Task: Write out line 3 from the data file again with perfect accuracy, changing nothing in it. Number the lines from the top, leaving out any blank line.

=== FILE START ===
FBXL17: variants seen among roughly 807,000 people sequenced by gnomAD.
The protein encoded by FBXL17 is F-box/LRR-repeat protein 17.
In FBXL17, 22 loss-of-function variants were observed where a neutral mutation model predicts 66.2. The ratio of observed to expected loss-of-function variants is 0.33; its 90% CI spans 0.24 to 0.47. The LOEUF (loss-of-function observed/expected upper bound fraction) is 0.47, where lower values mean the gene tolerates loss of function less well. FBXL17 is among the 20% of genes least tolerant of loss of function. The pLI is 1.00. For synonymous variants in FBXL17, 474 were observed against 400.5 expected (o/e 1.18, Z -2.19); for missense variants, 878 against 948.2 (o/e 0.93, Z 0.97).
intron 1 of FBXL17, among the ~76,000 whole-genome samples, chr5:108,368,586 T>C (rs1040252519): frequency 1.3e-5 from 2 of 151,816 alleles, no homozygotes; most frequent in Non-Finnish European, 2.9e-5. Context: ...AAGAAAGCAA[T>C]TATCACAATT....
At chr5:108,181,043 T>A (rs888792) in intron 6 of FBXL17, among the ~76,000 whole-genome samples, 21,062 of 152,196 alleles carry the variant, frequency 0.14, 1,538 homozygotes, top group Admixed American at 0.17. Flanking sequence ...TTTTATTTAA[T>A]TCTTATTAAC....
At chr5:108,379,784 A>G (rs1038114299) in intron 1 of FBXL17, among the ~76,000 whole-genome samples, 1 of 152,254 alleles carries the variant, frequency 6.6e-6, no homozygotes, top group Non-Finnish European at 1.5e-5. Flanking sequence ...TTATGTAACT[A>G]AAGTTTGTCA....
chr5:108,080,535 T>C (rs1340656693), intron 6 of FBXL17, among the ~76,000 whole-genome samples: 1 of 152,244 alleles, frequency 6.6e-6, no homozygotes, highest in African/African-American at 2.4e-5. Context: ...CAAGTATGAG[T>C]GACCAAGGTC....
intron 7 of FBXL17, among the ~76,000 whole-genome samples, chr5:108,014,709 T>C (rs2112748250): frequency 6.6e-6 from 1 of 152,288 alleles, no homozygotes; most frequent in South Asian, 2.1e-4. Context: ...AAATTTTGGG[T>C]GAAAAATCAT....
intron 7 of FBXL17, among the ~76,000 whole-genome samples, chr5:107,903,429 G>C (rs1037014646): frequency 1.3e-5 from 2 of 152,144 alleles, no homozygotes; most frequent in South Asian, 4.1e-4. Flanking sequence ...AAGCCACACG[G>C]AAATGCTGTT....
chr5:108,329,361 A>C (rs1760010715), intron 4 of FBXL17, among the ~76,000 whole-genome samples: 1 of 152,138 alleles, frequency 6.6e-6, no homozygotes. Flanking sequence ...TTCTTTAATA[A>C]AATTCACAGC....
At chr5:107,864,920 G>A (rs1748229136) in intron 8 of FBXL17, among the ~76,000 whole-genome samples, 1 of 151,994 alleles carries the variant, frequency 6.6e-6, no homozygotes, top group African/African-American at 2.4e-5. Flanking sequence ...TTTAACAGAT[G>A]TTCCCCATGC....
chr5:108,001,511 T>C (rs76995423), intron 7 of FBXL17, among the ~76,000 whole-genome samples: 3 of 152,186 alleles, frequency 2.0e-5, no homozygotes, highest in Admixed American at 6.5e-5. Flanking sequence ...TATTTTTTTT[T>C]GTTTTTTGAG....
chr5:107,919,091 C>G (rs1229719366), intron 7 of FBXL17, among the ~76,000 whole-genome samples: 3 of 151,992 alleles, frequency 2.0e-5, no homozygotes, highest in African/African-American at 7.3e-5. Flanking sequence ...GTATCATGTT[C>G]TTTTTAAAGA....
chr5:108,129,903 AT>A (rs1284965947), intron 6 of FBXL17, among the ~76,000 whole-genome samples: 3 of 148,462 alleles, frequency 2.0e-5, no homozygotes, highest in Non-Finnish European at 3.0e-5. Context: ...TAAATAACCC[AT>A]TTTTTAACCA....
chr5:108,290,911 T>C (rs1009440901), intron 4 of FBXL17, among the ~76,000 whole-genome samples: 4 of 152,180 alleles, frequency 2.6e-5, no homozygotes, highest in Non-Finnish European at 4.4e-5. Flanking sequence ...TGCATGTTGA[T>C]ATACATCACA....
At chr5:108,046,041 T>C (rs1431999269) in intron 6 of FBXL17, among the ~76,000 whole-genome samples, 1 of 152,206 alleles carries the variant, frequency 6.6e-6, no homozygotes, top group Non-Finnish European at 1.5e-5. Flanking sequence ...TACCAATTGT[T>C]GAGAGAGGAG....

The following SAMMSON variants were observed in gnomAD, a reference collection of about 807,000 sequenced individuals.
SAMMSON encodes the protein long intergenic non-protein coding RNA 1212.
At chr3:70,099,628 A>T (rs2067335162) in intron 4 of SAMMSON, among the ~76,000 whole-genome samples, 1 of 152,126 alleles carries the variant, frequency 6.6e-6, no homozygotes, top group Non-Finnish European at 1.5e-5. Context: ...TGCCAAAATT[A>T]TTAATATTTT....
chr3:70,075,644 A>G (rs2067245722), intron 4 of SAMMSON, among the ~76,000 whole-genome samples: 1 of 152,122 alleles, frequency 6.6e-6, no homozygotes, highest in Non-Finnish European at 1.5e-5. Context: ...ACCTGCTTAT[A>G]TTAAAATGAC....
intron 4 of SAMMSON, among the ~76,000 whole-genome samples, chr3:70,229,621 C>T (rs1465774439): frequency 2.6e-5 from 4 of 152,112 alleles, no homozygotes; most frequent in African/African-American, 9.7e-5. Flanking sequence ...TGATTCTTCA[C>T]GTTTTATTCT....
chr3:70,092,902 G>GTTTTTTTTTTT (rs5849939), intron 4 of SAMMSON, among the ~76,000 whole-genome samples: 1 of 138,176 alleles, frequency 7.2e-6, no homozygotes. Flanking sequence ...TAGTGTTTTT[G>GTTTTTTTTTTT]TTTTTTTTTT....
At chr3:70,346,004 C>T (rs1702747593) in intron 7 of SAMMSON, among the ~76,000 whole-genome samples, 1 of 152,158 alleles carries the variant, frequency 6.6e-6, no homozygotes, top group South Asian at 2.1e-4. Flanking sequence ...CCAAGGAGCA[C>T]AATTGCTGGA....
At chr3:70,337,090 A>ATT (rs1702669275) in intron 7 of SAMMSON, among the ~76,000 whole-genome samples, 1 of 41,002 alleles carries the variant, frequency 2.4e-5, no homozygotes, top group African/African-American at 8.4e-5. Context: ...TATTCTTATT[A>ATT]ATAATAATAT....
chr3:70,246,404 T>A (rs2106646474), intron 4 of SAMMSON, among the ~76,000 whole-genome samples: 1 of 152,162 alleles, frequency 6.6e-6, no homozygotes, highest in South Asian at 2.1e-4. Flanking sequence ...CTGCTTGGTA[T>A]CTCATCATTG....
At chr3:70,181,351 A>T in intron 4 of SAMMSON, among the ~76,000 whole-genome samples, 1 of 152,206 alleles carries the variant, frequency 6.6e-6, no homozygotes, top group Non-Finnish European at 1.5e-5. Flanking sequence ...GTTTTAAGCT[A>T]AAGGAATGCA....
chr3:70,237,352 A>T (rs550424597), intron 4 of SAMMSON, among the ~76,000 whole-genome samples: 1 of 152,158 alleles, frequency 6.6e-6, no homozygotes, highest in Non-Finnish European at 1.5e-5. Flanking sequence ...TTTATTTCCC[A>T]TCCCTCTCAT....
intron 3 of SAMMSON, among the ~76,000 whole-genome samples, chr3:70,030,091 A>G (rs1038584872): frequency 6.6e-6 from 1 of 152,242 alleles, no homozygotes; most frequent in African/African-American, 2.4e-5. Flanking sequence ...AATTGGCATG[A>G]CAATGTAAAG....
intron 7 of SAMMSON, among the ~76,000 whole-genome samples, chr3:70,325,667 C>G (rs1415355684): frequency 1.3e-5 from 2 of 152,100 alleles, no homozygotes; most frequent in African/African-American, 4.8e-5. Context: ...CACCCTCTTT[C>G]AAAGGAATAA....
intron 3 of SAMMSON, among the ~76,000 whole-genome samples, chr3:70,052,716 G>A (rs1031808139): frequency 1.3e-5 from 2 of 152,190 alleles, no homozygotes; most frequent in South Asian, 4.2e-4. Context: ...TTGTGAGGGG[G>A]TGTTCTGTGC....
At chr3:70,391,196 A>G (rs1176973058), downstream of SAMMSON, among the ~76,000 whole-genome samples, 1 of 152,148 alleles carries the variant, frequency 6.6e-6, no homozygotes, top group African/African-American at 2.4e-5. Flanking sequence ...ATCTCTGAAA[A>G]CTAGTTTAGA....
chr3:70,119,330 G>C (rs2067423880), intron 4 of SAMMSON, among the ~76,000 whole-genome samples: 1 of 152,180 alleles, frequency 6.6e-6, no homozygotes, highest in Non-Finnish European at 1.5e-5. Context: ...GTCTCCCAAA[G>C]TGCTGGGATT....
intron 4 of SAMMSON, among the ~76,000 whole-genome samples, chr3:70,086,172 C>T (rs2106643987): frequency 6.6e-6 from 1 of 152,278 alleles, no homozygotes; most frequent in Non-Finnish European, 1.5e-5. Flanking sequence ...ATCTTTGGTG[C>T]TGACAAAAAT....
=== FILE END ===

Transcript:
In FBXL17, 22 loss-of-function variants were observed where a neutral mutation model predicts 66.2. The ratio of observed to expected loss-of-function variants is 0.33; its 90% CI spans 0.24 to 0.47. The LOEUF (loss-of-function observed/expected upper bound fraction) is 0.47, where lower values mean the gene tolerates loss of function less well. FBXL17 is among the 20% of genes least tolerant of loss of function. The pLI is 1.00. For synonymous variants in FBXL17, 474 were observed against 400.5 expected (o/e 1.18, Z -2.19); for missense variants, 878 against 948.2 (o/e 0.93, Z 0.97).